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When creating an auto updating feature for a .NET WinForms application, how does it update the DLLs and not affect the currently running application?

Since the application is running during the update process, won't there be a lock on the DLLs (because those DLLs will have to be overwritten during the update).

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possible duplicate of Automatic update a Windows application – Peter Mortensen Jul 5 '13 at 9:59
@PeterMortensen How exactly a question that was asked in 2008 a duplicate of a question asked in 2011? Especially when it appears that this one contains better information – Kris Jul 5 '13 at 13:13

Usually you would download the new files into a separate area. Then shutdown and restart and at startup you look for and use the new files if found. Always keeping a last known working version on the side so that the user can revert to something that definitely works if the download causes problems.

ClickOnce is a good technology from Microsoft that does this for you and you can use it directly from Visual Studio 2008.

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so use click once instead of the updater app block? – AnonymousCow Sep 26 '08 at 12:57
You could look at both and decide which works best for you. ClickOnce just works out of the box but you have limited control over it. Using Updater application block takes more effort but you have more control because you can always alter the source code. – Phil Wright Sep 26 '08 at 13:01

You'll have to shutdown your application and restart it, as other people have already commented.

I wrote an open-source code to do just that in a transparent mode - including an external update application to do the actual cold update. See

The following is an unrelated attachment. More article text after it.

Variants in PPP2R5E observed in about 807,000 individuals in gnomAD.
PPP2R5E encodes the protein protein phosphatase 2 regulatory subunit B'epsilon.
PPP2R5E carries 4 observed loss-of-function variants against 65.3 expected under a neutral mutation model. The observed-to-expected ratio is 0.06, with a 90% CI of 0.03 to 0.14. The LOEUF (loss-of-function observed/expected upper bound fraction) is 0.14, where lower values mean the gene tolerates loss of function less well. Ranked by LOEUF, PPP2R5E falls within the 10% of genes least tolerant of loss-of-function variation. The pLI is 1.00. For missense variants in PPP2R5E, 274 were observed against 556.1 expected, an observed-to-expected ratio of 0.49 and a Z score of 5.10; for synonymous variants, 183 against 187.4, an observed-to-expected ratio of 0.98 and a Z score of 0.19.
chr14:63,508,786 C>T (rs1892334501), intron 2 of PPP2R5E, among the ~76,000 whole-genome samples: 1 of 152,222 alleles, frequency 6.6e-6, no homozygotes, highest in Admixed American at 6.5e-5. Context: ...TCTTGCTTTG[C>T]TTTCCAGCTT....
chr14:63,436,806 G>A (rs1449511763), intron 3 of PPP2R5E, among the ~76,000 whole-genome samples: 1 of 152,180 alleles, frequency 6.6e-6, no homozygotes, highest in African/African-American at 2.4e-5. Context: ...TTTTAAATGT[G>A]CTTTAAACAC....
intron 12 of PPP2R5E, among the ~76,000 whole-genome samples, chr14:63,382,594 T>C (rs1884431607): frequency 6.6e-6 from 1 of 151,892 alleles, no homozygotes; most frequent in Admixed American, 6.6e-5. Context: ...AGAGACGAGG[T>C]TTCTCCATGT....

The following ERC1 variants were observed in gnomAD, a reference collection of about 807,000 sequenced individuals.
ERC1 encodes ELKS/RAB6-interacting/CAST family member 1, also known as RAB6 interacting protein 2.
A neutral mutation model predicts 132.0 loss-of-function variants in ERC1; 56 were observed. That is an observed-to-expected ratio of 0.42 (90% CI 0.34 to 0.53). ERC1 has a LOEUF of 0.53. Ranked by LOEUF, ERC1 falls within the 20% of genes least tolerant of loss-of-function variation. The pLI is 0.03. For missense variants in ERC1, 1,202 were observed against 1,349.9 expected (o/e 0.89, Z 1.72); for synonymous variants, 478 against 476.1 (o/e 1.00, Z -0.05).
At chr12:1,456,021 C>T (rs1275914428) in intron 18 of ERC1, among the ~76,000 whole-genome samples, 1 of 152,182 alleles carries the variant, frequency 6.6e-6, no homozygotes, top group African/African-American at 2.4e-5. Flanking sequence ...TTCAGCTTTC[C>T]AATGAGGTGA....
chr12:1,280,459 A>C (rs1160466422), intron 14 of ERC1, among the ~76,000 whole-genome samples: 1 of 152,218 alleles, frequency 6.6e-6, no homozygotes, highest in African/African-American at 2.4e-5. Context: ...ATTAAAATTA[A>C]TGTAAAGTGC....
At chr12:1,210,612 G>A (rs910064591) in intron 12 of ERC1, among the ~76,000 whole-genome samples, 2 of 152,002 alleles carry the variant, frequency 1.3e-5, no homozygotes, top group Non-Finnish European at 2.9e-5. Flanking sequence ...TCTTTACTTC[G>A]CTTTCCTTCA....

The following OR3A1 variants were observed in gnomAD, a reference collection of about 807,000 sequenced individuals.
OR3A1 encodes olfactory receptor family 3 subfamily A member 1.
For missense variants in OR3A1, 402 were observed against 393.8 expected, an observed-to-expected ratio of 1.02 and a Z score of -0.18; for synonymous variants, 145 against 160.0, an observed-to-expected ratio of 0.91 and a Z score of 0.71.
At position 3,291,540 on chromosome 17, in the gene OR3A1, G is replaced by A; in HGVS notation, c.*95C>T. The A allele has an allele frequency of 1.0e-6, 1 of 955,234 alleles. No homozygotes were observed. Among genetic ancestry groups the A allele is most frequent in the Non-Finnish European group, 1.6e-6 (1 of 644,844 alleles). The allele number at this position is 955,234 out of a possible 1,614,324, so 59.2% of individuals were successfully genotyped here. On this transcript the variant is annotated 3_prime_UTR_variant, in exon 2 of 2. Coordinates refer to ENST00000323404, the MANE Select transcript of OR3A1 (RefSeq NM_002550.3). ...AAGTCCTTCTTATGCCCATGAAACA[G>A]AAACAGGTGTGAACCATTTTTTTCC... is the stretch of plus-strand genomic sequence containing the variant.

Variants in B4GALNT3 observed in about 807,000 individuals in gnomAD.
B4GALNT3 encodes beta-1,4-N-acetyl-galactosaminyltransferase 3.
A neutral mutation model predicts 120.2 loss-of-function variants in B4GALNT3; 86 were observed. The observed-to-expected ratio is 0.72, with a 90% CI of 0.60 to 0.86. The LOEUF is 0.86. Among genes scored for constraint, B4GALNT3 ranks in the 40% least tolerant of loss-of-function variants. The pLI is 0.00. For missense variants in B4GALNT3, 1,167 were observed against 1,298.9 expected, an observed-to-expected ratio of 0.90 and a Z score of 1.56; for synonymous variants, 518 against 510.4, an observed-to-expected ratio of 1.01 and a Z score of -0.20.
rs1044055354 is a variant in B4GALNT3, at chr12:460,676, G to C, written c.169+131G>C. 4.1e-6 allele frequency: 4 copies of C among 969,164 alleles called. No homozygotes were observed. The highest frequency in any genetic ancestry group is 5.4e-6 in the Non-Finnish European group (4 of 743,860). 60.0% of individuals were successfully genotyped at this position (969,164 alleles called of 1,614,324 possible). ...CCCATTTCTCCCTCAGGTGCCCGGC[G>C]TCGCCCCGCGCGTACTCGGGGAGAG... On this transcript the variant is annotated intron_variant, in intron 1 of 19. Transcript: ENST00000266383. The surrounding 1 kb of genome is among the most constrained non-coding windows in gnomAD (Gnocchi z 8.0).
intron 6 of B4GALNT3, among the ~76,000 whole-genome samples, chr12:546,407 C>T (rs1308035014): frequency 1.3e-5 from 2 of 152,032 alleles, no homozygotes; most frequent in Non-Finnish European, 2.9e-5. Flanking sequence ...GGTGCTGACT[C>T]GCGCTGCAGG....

The code is at (Licensed under the Apache 2.0 license)

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I have a seperate 'launcher' application that checks for updates via a web service. If there are updates, it downloads them and then executes my application, which is in a seperate assembly.

The other alternatives are using things like ClickOnce, or downloading the files to a seperate area and restarting the app, as someone else mentioned.

Be warned about ClickOnce, though - it's not as flexible as it sounds. And if you deploy to a system that requires elevating your program to a higer security level to run, you might run into problems if you don't have a certificate for your app installed. I found it very difficult to get straight answers on the Internet to things like certificate management when it comes to ClickOnce. If you have a complex app, you may want to just roll your own updater, which is what I ended up having to do.

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why use a web service to check for updates? webclient is faster no? – AnonymousCow Sep 26 '08 at 14:22

If you publish via ClickOnce, all of that tends to be handled for you. It has it's own pro's and con's but usually easier than trying to code it all yourself.

Both Wikipedia and 15seconds have decent info on using ClickOnce, how it works, etc.

As others have stated, ClickOnce isn't as flexible as rolling your own solution but it is a LOT less complicated. It has a small learning curve at first, but with pretty much everything bundled into Visual Studio and the use of Wizards, it usually doesn't take long to stumble onto a working solution.

As deployments get more complex (i.e. beyond than just having prerequisites or application code that needs updating) and you need to do a lot of post-install or pre-install tasks, there are things like WiX which give you somewhat of a hybrid solution between Windows Installer and ClickOnce, with the cost of flexibility being a much steeper learning curve.

The only reason I try to avoid custom installers is that you end up spending way too much time trying to get it just right to handle a bunch of different "What If" scenarios...

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